Physicians oppose legislation to allow nurses to administer anesthesia

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LANSING, Mich. (WLNS)— A group of physicians is pleading with the Michigan Senate to reject a proposed legislation which allows registered nurses to administer anesthesia without physician supervision across the state. 

13 physicians spoke at a virtual Zoom press conference regarding House Bill 4359. 

“This legislation will create a two-tier system of care in Michigan and worsen healthcare disparities,” said Pino D. Colone, MD, President of the Michigan State Medical Society.

Dr. Colone is pleading Michigan Lawmakers to reject the legislation amid educational requirements, and medical training that Anesthesiologists have.

“Anesthesiologists typically undergo at least 12 years of education and medical training,” Dr. Colone stated.

Registered nurses in order to administer anesthesia must have specific educational requirements as well.

“A bachelor of science in nursing, practice in an ICU with ventilators for at least two years,” said State Representative Mary Whiteford, “and then they have a 4 year doctorate program that is 100 percent focused on the science of anesthesia.”

Whiteford was a former nurse and introduced House Bill 4359, and says under Michigan’s current system any physician can give permission to administer anesthesia. Whiteford also says a group of nurses came to her saying the oversight committee was unnecessary, and that’s when she decided to help create the bill.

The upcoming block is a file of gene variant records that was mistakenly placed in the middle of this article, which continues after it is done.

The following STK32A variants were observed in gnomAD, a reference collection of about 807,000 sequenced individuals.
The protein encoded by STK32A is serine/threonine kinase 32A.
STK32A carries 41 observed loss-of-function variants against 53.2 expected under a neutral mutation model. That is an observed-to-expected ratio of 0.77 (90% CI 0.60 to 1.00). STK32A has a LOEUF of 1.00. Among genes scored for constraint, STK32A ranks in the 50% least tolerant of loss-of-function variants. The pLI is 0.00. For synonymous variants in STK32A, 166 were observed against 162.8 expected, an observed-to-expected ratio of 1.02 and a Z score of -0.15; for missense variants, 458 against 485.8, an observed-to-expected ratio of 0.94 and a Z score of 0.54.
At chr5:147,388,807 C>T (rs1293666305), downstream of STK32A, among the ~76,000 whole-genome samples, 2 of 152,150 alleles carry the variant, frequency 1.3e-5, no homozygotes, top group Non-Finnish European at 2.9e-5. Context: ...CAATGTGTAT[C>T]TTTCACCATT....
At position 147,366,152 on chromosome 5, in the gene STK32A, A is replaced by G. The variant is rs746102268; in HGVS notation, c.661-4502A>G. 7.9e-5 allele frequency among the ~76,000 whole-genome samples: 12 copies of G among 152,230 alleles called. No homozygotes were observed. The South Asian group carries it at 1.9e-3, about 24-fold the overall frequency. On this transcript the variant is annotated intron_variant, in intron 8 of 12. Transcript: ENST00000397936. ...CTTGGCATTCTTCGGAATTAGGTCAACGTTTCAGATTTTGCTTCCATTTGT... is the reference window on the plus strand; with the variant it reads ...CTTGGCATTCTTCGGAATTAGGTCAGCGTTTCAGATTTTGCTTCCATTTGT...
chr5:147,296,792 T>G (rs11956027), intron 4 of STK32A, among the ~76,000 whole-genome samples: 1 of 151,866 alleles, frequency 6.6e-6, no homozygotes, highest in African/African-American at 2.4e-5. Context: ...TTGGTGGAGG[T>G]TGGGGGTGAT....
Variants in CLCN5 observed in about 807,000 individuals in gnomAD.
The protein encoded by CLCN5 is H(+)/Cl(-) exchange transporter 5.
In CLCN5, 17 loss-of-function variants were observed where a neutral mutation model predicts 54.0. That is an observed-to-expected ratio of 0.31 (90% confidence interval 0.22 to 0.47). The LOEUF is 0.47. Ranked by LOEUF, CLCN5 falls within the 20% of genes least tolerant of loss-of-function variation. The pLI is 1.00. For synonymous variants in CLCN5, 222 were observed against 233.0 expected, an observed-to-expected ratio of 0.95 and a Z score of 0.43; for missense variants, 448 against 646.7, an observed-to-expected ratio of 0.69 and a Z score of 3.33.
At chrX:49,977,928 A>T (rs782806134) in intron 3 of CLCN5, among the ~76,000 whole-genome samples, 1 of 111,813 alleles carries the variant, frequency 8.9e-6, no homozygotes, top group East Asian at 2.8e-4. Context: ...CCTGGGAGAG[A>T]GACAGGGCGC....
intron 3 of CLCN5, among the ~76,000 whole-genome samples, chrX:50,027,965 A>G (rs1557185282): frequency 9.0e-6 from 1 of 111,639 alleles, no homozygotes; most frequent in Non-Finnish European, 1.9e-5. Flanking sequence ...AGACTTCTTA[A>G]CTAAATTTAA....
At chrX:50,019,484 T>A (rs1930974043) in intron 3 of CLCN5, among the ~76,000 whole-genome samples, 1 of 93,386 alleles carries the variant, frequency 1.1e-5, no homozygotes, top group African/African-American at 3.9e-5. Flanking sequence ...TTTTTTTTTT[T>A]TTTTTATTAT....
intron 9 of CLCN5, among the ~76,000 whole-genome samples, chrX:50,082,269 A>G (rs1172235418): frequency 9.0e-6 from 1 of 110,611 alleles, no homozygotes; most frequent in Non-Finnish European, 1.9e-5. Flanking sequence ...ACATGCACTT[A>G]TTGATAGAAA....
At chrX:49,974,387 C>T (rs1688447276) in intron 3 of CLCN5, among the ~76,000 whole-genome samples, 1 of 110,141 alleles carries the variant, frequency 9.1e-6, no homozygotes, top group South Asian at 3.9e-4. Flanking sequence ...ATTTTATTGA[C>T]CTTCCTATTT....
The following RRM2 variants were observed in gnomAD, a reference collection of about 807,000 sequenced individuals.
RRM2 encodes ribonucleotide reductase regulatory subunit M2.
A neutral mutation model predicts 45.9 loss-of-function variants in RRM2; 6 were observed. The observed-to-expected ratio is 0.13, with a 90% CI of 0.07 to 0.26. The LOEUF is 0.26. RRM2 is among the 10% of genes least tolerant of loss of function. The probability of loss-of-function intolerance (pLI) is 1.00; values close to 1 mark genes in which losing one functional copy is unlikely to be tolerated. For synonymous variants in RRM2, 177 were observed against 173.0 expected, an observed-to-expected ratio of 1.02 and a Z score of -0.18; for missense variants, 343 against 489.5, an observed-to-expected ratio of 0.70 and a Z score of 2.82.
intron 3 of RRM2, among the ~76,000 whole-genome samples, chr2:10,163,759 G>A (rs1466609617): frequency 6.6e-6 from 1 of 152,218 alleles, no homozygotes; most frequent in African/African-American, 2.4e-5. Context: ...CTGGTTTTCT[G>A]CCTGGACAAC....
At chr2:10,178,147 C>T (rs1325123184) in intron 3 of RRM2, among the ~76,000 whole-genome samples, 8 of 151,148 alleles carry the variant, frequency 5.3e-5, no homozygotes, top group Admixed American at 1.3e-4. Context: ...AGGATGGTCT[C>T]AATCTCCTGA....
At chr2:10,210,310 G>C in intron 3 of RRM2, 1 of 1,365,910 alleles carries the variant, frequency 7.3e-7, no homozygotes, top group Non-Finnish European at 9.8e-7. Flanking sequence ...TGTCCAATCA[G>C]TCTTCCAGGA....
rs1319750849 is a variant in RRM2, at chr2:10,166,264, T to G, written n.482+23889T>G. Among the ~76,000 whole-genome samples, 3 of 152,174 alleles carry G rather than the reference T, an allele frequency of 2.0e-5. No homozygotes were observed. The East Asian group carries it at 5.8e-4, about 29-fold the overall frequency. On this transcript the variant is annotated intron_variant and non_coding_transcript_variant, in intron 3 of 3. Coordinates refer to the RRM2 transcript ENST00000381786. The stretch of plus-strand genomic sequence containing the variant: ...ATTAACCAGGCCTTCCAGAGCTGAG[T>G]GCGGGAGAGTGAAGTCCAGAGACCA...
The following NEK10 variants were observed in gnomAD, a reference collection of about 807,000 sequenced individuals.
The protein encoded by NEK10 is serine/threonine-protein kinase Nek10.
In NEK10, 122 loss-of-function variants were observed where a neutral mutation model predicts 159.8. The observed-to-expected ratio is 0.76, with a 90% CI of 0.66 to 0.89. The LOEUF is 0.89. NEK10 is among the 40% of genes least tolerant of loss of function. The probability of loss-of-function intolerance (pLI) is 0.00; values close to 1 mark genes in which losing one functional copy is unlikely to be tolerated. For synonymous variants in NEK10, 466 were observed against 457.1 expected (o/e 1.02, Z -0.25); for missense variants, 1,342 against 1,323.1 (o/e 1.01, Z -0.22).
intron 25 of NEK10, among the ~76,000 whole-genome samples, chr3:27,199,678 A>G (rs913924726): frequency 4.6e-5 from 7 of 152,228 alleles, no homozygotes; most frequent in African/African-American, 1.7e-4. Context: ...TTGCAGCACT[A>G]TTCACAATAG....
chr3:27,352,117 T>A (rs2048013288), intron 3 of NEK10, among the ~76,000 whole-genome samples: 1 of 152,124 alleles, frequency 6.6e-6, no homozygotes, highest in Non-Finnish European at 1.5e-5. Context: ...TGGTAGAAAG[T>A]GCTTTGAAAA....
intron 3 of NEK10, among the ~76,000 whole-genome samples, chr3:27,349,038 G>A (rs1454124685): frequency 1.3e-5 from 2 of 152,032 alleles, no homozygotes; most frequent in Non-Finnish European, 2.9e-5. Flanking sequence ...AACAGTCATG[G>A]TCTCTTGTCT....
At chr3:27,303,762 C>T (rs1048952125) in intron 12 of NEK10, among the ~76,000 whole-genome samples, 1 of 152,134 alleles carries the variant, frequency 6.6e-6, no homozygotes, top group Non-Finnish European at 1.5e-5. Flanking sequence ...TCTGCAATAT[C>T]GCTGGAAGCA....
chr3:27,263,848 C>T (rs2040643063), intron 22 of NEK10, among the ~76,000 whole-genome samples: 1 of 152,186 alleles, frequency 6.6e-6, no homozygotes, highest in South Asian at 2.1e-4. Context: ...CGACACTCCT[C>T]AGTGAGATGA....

“In Michigan currently the supervision that’s involved is not from an anesthesiologist it’s from any person that has an MD after their name,” Whiteford said, “it could be a pediatrist; it could be a gastrologist, and many of these doctors who practice in other fields, and have no experience in anesthesia.”

The bill has passed the Michigan House, and it’s now it’s in the Michigan Senate for an overall vote.

“If the bill passes nurses will be solely responsible for the entire planning and administration of anesthesia care and its complications and diagnosis of patients with no physician involved,” said Neeju Ravikant, M.D., President Michigan Society of Anesthesiologists.

“It will increase inequalities with one care of standard for urban and rural centers,” Dr. Colone said, “and one standard for care for everyone else.”

There are only five states that let registered nurses administer anesthesia, and the other 45 states have some type of physician oversight.

The bill says there needs to be a plan of care for nurses administering anesthesia, and they need to be nurse anesthetists. 

House Bill 4359 is in the Michigan Senate for an overall vote to see if it can go into Michigan law.

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